When Westover was 16, she decided she wanted to go to college so she could learn about music – perhaps be a church music director at some point.  Her desire to get a formal education created a wedge between her and her parents who were adamantly against formal education and believed school to be a favorite haunt of the devil, but Westover made up her mind to teach herself enough algebra and grammar to pass a college entrance exam and be accepted to BYU when she was 17.  From there, she ultimately won a scholarship to Cambridge and attended Harvard where she earned a Ph.D.  It was during her time at Harvard that she became estranged from her parents and most of her siblings – not because she pursued formal education (which ultimately led to her examination and rejection of the religious beliefs she had been raised with), but because she reached out to her parents about the abuse she had suffered at the hands of her older brother, and her parents rejected her version of events.  In interviews, Westover has referred to it as being gaslighted by her parents.

Purely as a piece of writing, Educated is very well written.  It’s thoughtful and articulate and deep.  It’s a good book, and a good story.  At times I felt that it was a bit repetitive and long, but still, a very good book.

I relate to the author quite a bit.  While I didn’t grow up with fanatical religious parents, I did grow up in a very toxic environment that ultimately led to my estrangement from my family, which has gone on for almost 20 years now.  So I very much relate to the damage one suffers as a result of being a vulnerable child at the mercy of violent, abusive bigger people, and I very much relate to the feelings of loss one carries around because of family estrangement.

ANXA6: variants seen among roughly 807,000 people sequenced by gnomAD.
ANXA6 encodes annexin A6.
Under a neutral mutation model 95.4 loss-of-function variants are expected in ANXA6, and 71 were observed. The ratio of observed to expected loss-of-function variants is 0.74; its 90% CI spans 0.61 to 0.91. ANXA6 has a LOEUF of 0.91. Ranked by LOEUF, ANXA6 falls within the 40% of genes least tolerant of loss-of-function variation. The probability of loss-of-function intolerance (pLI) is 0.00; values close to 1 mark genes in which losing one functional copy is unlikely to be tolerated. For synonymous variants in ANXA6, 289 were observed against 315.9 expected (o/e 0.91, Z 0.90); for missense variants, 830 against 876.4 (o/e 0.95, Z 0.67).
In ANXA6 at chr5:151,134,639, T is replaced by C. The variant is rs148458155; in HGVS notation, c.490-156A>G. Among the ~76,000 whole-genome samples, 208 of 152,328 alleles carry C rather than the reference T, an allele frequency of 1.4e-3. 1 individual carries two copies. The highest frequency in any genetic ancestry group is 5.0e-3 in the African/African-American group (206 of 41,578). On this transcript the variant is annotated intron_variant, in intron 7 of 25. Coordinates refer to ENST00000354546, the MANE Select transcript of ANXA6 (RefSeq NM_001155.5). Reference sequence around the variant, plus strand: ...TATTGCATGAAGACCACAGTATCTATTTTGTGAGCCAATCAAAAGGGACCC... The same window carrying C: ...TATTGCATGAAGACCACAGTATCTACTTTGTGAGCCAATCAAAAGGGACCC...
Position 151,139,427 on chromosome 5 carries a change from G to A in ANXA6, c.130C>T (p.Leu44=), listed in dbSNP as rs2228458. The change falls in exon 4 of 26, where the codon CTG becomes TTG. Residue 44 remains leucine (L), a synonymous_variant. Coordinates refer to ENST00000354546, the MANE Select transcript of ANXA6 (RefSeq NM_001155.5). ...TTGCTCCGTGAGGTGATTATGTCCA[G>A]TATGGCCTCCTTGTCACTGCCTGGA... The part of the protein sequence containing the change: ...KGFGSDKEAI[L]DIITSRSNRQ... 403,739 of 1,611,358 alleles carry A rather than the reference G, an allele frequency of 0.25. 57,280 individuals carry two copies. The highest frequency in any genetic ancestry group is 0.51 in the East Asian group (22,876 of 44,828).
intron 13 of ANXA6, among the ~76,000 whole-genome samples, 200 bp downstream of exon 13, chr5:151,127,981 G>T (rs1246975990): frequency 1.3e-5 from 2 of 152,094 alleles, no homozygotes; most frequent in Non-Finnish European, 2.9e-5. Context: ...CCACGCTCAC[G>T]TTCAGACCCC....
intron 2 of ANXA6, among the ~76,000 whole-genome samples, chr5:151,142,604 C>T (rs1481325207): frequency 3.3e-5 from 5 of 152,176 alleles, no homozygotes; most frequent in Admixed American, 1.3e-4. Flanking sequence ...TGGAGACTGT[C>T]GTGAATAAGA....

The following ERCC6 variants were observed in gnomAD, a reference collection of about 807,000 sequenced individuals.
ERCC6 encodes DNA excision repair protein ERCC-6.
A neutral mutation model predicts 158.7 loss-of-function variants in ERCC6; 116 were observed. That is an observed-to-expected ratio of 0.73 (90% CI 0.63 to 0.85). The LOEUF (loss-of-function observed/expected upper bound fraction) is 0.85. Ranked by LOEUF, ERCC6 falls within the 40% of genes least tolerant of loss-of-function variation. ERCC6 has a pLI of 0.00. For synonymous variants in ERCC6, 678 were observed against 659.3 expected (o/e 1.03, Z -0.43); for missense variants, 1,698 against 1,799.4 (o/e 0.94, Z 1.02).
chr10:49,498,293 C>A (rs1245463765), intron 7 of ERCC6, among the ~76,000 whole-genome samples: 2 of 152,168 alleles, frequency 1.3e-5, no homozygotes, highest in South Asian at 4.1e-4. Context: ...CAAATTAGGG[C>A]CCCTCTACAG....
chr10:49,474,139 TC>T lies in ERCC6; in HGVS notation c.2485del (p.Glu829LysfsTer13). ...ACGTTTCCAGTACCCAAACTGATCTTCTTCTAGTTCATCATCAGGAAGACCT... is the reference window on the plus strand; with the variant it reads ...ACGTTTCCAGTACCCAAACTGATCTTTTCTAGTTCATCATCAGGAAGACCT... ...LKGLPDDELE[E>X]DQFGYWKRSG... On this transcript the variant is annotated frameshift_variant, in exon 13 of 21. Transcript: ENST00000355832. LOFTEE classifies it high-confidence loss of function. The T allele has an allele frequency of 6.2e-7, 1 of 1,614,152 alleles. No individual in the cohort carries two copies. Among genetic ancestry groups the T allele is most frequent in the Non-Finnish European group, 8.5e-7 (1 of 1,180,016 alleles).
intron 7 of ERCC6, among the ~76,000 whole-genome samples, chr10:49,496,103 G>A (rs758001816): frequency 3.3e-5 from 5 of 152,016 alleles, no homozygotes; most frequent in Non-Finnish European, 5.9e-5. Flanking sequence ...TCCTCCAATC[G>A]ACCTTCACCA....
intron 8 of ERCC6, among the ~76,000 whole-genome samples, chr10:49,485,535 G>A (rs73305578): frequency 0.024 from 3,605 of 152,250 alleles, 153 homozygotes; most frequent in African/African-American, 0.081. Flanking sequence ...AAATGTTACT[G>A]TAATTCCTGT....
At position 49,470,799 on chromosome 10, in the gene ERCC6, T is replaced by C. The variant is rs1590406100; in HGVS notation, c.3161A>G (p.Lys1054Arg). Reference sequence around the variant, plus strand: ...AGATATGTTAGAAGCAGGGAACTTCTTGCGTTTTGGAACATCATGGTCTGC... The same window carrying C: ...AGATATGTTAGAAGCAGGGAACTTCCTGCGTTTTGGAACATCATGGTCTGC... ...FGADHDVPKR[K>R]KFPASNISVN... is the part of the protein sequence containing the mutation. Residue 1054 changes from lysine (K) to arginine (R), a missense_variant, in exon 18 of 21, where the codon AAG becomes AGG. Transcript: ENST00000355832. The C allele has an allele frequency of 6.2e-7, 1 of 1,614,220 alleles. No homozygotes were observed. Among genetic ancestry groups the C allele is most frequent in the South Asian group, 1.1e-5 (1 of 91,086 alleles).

I did find myself feeling a little frustrated, and even disdainful, at Westover’s willingness to keep going back for more abuse from her family, and also her generosity towards her parents in expressing her belief that they are good people, that they loved their children and did their best.  I have a hard time seeing it that way.  Her father was reckless, abusive, and even sadistic at times, and her mother neglectful, disingenuous, and manipulative.

I also felt frustrated at the portrayal – intentional or not – of both homeschooling and homebirth/midwifery as “fringe” institutions.  As someone who has engaged in both, it bothers me that both of those things are still widely seen as “crazy,” dangerous, etc.  They’re both valid and safe options when approached with knowledge and care, but no doubt many people will read this book and have their worst suspicions about homeschooling and homebirth confirmed.

I went with a friend to a literary lecture last night and Tara Westover was the speaker.  It was fascinating seeing her in the flesh and listening to her talk about some of her experiences and about the writing of her book.  For everything she has experienced and accomplished, she’s actually very young: 32.  One thing she talked about that struck me was that she doesn’t want her story to be seen as one of triumph over adversity, that she’s averse to narratives of people overcoming and achieving through pure grit, because the reality is that it always takes help in one form or another in order for anyone to accomplish goals and overcome hurdles.  So true.